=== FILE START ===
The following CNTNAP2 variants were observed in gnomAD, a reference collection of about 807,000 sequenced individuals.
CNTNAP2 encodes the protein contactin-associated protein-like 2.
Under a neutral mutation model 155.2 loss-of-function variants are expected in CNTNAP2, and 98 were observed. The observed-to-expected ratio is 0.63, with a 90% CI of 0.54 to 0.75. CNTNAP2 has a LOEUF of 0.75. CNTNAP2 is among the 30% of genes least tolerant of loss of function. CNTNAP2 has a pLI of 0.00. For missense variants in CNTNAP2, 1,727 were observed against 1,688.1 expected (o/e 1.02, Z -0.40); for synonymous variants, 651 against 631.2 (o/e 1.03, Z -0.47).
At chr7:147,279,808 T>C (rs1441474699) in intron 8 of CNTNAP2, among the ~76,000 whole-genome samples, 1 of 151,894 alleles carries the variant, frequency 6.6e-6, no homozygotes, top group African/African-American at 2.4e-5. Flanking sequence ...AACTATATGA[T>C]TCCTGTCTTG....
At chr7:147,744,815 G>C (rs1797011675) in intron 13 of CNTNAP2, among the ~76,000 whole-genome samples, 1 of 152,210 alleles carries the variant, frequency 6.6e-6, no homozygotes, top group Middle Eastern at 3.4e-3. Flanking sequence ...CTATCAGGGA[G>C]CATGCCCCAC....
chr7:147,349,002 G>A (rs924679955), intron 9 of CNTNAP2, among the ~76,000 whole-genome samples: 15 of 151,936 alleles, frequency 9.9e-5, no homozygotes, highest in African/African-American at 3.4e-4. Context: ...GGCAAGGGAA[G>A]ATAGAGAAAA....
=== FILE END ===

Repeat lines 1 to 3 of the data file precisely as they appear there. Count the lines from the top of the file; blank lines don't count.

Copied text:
The following CNTNAP2 variants were observed in gnomAD, a reference collection of about 807,000 sequenced individuals.
CNTNAP2 encodes the protein contactin-associated protein-like 2.
Under a neutral mutation model 155.2 loss-of-function variants are expected in CNTNAP2, and 98 were observed. The observed-to-expected ratio is 0.63, with a 90% CI of 0.54 to 0.75. CNTNAP2 has a LOEUF of 0.75. CNTNAP2 is among the 30% of genes least tolerant of loss of function. CNTNAP2 has a pLI of 0.00. For missense variants in CNTNAP2, 1,727 were observed against 1,688.1 expected (o/e 1.02, Z -0.40); for synonymous variants, 651 against 631.2 (o/e 1.03, Z -0.47).